• Renato Novas

        Thank you so much for the return, once again would like to register your work is fantastic and its dedication to expanding its experiences are priceless. You are a happy person, and happy people are blessed. Once again thank you.

  69. Truely Artist!

    Salute from Thailand.

  70. Sheila J Kleinschmidt

    Oh my goodness, I am new to soap making, but have many ideas for making soap that represents the area I live in. This tutorial holds so much promise for me in that I can now try to execute some of my ideas.

    I’ve been having fun playing with color but especially like the idea of one color.

    Also, I just tossed tomatoe leaves…would you share how you used them in your soap?

    Your work is incredible…I am in awe….Sheila in Alaska.

    • Hi Sheila. The tomato leaf here is a fragrance by BrambleBerry. I’m not sure actual tomato leaves do well in soap or bring any particular benefits, but fresh they have an amazing herbaceous aroma.

  71. Fest Clara!

    I just love your Soaps!!! What is your secret to prevent Soda Ash? All my soaps become white and i don’t get rid of it.

    Greetings from Germany
    Martina

    • Thank you! My best advice for preventing Soda Ash is to keep water low and to protect the saponifying soap from cool airflow. Either insulate the soap or keep it in a box or cupboard until it’s fully saponified.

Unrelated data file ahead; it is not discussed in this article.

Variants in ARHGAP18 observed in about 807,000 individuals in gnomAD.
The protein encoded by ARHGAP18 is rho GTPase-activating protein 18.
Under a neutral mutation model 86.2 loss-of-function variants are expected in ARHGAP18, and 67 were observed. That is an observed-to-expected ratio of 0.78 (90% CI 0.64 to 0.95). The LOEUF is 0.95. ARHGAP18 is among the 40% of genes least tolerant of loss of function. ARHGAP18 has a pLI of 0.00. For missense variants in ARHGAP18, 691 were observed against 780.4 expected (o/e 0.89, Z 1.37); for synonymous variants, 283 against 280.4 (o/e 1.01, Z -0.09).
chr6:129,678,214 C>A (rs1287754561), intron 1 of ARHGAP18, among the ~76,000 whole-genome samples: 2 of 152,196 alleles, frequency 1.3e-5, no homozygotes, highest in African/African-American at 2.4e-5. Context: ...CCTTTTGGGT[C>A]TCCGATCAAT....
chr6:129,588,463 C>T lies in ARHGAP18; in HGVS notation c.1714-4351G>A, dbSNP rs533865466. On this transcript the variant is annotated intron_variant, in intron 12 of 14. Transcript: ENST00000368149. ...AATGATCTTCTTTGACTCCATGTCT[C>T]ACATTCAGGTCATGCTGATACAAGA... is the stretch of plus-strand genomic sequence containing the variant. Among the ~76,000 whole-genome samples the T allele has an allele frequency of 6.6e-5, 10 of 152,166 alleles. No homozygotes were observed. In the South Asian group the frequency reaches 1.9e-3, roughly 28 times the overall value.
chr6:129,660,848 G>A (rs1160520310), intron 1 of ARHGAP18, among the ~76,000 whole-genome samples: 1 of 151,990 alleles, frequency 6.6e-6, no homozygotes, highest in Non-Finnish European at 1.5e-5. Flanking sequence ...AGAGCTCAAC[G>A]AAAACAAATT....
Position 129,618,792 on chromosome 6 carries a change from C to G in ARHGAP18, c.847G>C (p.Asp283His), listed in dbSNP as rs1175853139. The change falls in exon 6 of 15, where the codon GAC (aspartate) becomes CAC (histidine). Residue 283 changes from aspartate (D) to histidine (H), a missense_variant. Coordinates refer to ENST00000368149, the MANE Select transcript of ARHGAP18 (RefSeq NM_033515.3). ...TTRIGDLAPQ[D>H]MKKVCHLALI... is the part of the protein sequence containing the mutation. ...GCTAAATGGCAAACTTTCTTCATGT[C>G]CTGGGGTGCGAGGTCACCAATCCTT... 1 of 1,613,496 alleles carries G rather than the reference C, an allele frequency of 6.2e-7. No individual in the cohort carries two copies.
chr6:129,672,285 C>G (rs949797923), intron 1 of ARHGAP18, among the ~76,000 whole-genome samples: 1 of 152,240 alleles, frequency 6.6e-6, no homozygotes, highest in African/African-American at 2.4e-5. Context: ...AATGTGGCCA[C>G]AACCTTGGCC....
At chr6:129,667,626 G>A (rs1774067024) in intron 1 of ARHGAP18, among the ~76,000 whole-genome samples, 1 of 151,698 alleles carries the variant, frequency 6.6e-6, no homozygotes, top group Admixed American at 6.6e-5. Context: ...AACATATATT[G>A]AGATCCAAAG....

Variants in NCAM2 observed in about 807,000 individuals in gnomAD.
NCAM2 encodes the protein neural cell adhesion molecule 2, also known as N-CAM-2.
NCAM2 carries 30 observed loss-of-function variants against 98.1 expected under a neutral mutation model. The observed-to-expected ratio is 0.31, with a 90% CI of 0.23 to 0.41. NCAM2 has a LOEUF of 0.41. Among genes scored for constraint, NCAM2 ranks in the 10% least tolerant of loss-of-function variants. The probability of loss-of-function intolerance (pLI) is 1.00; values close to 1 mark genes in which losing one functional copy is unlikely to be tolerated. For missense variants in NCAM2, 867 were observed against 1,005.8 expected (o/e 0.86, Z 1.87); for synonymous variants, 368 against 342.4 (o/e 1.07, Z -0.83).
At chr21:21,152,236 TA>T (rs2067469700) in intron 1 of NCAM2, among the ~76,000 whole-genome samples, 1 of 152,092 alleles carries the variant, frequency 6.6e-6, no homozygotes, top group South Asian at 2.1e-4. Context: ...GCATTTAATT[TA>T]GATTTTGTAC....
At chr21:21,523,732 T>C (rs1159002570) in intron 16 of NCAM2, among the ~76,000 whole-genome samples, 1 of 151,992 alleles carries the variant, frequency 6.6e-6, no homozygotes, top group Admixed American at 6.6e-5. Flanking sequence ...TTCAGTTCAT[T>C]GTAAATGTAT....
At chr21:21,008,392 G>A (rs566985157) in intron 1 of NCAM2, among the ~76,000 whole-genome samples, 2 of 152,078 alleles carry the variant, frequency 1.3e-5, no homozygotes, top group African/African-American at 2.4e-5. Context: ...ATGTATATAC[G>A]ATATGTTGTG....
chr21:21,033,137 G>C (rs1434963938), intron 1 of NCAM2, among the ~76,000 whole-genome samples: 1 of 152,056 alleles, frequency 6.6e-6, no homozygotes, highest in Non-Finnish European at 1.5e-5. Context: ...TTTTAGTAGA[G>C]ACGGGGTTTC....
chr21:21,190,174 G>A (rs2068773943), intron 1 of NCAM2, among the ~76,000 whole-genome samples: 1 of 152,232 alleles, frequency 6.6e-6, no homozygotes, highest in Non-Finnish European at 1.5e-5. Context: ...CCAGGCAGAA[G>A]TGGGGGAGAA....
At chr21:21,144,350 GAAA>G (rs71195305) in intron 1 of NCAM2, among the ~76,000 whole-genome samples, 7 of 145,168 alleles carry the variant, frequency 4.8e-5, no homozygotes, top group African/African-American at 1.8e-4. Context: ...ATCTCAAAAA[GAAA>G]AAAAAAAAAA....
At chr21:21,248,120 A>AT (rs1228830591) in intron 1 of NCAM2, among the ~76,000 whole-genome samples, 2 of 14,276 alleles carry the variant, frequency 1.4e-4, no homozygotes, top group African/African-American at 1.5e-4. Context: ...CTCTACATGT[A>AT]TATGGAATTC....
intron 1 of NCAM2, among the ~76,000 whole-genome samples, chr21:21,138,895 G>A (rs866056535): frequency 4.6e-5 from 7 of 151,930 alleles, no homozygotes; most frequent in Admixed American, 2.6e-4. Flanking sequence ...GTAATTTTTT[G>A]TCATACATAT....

72. Ola Clara! Thanks a lot for your interesting posts! How low you keep the water…can you tell a %? Also, do you know any tricks to unmould easly a recycled mould made of paper (toilet rools) or plastic tube (like a bottle)?
    thanks so much for any advice.
    Much love
    Sara

    • I usually soap with water around 20% of oil weight. I line my wooden moulds with baking paper. It works perfectly every time.

  73. AMOLE JOHNSON

    NICE TECHNIQUES. I REALLY LOVE THEM ALL.

  74. So cool ..love it

  75. Alina Maria Ciurezu

    So beautifully and so ingenious! Thanks

  76. You inspire me! Thank you for sharing this technique. You have really broken it down in such a helpful way. Looks very easy to follow. I gather finding the perfect moment to place the wire may take a few experiences but, I am now up for the challenge. Thanks again!

    • Thanks! Like everything this probably takes some practice to get exactly right: the size of the stamp, the design and finding the optimal moment to stamp. I like to keep the stamps small and close together to get as much detail as possible on each bar. The best moment to stamp tends to be just as the soap is losing its gloss.

  77. Anita Blalock

    Just awesome!!!!!!

  78. Your soaps are amazing! Thank you for explaining the technique!

  79. Thank you for sharing. So informative. Beautiful work.

  80. Marie Nadeau

    You are the queen of perfect soap ! I love your work and your dedication. Thank you for sharing your art and techniques.

Leave a Reply